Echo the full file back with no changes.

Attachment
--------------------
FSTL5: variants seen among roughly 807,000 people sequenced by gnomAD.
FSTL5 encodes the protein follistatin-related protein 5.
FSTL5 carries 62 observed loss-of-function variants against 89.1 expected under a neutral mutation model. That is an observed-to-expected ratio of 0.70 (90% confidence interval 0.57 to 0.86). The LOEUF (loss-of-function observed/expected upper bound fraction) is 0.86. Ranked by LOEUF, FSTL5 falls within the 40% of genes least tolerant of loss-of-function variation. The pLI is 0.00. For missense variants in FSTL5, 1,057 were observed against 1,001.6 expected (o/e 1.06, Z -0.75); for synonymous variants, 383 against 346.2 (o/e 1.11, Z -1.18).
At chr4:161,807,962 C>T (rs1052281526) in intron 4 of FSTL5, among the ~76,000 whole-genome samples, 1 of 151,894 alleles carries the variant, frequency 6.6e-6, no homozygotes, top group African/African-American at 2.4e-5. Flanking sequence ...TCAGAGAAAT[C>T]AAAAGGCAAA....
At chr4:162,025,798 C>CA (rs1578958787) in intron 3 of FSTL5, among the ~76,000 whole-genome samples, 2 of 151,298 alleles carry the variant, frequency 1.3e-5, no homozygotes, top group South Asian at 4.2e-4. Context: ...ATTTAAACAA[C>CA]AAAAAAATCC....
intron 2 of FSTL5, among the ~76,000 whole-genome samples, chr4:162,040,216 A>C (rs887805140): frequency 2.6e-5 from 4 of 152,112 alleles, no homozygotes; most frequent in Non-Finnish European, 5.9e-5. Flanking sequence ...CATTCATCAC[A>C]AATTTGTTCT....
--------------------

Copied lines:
FSTL5: variants seen among roughly 807,000 people sequenced by gnomAD.
FSTL5 encodes the protein follistatin-related protein 5.
FSTL5 carries 62 observed loss-of-function variants against 89.1 expected under a neutral mutation model. That is an observed-to-expected ratio of 0.70 (90% confidence interval 0.57 to 0.86). The LOEUF (loss-of-function observed/expected upper bound fraction) is 0.86. Ranked by LOEUF, FSTL5 falls within the 40% of genes least tolerant of loss-of-function variation. The pLI is 0.00. For missense variants in FSTL5, 1,057 were observed against 1,001.6 expected (o/e 1.06, Z -0.75); for synonymous variants, 383 against 346.2 (o/e 1.11, Z -1.18).
At chr4:161,807,962 C>T (rs1052281526) in intron 4 of FSTL5, among the ~76,000 whole-genome samples, 1 of 151,894 alleles carries the variant, frequency 6.6e-6, no homozygotes, top group African/African-American at 2.4e-5. Flanking sequence ...TCAGAGAAAT[C>T]AAAAGGCAAA....
At chr4:162,025,798 C>CA (rs1578958787) in intron 3 of FSTL5, among the ~76,000 whole-genome samples, 2 of 151,298 alleles carry the variant, frequency 1.3e-5, no homozygotes, top group South Asian at 4.2e-4. Context: ...ATTTAAACAA[C>CA]AAAAAAATCC....
intron 2 of FSTL5, among the ~76,000 whole-genome samples, chr4:162,040,216 A>C (rs887805140): frequency 2.6e-5 from 4 of 152,112 alleles, no homozygotes; most frequent in Non-Finnish European, 5.9e-5. Flanking sequence ...CATTCATCAC[A>C]AATTTGTTCT....